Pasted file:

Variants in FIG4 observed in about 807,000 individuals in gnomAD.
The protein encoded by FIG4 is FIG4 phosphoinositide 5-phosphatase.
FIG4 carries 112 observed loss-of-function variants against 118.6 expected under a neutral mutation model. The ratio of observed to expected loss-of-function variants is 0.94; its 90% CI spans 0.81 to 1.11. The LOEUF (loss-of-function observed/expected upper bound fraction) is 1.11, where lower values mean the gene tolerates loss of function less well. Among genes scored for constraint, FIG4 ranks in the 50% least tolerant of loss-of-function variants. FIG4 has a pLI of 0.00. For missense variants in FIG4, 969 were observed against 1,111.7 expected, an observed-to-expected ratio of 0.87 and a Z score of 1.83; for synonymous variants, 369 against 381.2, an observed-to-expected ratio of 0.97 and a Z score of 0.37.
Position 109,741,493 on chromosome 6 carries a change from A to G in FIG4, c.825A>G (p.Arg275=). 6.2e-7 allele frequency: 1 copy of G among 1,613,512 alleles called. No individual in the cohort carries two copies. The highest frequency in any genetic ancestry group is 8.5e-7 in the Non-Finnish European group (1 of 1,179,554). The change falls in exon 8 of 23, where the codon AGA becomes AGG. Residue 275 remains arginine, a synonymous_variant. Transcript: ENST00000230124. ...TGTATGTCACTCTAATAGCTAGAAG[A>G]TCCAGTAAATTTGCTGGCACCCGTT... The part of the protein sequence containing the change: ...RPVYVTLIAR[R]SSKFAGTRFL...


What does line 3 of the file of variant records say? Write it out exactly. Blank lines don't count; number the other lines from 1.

FIG4 carries 112 observed loss-of-function variants against 118.6 expected under a neutral mutation model. The ratio of observed to expected loss-of-function variants is 0.94; its 90% CI spans 0.81 to 1.11. The LOEUF (loss-of-function observed/expected upper bound fraction) is 1.11, where lower values mean the gene tolerates loss of function less well. Among genes scored for constraint, FIG4 ranks in the 50% least tolerant of loss-of-function variants. FIG4 has a pLI of 0.00. For missense variants in FIG4, 969 were observed against 1,111.7 expected, an observed-to-expected ratio of 0.87 and a Z score of 1.83; for synonymous variants, 369 against 381.2, an observed-to-expected ratio of 0.97 and a Z score of 0.37.